Nail-laminated timber (NLT) allows the creation of a monolithic “slab” of wood from off-the-shelf dimension lumber, supporting a broad range of architectural opportunities.
Historically, NLT was primarily used for the construction of warehouses and other large buildings. While flat floors and roofs remain the most common NLT building elements, more expressive and dynamic forms are being explored.
Here we explore different ways NLT can be used in designs.
Creating simple curves from NLT is relatively easy. The roof of Aberdeen Station is composed of gently curving steel channels which support the lumber, creating a modular, prefabricated panel that was craned into place. The channels were bolted to the adjacent panel channels.
NLT is most commonly exposed at the ceiling, where it is protected from wear and the elements.
Although NLT floors and roofs can be covered by finishes, it is often left exposed as a key design element.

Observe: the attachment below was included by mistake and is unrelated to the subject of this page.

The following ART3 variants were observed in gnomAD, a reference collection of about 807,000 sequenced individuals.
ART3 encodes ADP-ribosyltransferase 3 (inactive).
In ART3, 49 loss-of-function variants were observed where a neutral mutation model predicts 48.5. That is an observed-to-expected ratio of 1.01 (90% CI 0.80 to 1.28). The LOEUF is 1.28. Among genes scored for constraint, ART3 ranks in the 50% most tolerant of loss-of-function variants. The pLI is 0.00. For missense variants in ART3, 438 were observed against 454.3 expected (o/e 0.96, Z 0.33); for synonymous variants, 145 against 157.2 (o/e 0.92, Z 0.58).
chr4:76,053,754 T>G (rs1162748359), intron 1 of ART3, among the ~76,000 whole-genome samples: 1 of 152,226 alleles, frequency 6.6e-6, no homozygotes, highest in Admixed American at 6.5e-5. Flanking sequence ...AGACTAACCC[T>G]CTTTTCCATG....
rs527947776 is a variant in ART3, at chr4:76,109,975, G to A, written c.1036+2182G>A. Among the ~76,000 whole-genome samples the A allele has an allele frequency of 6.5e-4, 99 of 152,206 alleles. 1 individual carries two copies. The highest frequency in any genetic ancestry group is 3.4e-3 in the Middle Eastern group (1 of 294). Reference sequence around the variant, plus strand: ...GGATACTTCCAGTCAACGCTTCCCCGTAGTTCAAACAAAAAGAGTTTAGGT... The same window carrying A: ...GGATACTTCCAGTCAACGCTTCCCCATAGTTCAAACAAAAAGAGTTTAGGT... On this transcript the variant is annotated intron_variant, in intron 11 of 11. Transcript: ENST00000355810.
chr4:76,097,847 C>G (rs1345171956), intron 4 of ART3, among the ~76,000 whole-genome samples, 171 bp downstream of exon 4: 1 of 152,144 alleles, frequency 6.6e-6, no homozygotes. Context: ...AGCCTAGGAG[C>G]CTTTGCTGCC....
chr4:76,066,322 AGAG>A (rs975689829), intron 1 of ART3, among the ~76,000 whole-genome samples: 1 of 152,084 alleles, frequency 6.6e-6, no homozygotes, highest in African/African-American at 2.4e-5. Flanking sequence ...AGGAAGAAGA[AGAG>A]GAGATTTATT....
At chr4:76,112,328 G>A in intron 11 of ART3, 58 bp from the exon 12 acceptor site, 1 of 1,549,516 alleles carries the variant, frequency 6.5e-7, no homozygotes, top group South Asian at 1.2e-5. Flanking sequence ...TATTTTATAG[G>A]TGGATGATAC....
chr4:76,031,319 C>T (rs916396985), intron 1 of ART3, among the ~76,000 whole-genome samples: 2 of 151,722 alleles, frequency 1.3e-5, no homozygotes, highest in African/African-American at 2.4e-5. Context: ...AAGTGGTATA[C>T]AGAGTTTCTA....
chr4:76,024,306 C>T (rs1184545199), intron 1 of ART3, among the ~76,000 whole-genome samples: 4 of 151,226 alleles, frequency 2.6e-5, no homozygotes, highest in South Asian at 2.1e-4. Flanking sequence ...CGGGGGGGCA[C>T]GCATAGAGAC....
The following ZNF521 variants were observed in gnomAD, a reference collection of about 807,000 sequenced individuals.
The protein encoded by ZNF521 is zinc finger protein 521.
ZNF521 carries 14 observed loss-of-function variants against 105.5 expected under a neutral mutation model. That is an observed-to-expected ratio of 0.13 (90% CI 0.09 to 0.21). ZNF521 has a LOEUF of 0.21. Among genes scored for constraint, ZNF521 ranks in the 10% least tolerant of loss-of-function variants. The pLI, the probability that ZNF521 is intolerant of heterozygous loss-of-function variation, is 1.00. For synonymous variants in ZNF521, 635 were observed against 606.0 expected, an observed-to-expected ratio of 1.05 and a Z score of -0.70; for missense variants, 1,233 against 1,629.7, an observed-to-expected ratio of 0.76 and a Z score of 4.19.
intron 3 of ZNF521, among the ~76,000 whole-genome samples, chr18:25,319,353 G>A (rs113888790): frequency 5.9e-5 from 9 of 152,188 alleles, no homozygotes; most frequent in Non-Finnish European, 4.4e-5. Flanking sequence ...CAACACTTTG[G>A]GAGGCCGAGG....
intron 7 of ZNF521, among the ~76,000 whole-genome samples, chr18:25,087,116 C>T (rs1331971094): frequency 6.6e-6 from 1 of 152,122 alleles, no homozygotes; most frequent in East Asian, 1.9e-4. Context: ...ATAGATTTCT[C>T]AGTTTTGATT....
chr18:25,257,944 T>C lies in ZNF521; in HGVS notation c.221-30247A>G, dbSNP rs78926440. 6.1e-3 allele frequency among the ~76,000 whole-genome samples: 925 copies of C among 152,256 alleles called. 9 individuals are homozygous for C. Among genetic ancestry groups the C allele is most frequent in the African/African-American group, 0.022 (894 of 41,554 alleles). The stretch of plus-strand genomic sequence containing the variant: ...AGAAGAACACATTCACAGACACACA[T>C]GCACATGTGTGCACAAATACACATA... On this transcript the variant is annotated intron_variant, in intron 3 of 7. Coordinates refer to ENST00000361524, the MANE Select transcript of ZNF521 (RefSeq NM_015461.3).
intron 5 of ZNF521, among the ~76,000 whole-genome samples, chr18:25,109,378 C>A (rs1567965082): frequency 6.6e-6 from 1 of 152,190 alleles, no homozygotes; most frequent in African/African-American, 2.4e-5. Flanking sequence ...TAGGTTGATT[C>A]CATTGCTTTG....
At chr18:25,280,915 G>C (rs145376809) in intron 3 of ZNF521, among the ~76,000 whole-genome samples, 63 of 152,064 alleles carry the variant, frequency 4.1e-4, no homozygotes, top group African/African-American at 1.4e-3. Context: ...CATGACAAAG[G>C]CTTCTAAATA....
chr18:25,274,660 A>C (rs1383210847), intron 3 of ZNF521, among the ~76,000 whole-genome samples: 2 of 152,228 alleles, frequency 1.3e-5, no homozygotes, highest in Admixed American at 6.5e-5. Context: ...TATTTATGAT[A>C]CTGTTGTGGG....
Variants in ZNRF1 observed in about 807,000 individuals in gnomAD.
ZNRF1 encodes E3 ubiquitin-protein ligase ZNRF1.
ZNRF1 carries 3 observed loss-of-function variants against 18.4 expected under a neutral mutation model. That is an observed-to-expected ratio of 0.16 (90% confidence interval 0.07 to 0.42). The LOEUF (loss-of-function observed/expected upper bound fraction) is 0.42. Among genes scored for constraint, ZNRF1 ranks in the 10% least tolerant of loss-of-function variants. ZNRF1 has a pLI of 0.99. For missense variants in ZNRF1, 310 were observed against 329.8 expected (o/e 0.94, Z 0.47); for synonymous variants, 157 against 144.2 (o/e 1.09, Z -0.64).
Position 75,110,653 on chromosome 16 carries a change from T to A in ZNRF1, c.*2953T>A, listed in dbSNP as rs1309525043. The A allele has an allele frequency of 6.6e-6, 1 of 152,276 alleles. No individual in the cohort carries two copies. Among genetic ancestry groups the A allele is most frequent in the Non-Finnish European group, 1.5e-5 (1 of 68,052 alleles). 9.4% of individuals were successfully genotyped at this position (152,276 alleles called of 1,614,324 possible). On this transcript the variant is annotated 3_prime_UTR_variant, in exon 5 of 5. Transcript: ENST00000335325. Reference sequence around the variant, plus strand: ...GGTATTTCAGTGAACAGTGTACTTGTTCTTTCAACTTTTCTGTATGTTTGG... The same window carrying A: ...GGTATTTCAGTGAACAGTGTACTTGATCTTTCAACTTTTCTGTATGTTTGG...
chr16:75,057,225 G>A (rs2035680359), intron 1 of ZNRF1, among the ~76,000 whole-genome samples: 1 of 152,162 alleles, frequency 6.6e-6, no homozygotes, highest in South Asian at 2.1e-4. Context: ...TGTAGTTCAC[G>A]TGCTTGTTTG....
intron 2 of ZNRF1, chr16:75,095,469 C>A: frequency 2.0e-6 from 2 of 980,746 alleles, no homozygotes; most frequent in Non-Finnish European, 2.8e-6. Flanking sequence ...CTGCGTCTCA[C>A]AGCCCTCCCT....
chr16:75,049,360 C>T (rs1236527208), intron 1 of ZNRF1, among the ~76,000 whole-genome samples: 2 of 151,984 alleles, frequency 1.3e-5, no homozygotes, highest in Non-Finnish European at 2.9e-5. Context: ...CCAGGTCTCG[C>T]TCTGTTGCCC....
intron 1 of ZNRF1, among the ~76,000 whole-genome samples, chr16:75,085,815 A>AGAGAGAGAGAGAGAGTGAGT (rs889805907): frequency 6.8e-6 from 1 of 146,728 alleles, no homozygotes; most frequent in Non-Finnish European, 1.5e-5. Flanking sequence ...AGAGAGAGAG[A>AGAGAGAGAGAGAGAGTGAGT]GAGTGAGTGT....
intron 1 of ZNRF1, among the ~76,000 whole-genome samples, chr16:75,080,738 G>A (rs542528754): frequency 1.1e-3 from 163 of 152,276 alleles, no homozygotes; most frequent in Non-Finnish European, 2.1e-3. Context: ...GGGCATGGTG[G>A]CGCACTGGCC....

The atrium at Samuel Brighouse Elementary School, advances the same concept with integrated steel struts and tension cables, turning the NLT into a truss system to create a whimsically undulating roof. Compound curves are also possible.
The NLT at Brentwood station is curved perpendicular to the laminations, and used a combination of curved NLT, curved-in-plan. The NLT is curved to follow the shape of the glued-laminated beams. This photo shows the form of the NLT curved-in-plan to accommodate the overall form of the station. The NLT spans between the curved glued-laminated beams set at varying angles, resulting in a building form with compound curvature.
This is an overview to help designers and architects become familiar with NLT’s versatility to create compelling designs.
More detailed information is available in the US NLT Design and Construction Guide, available HERE.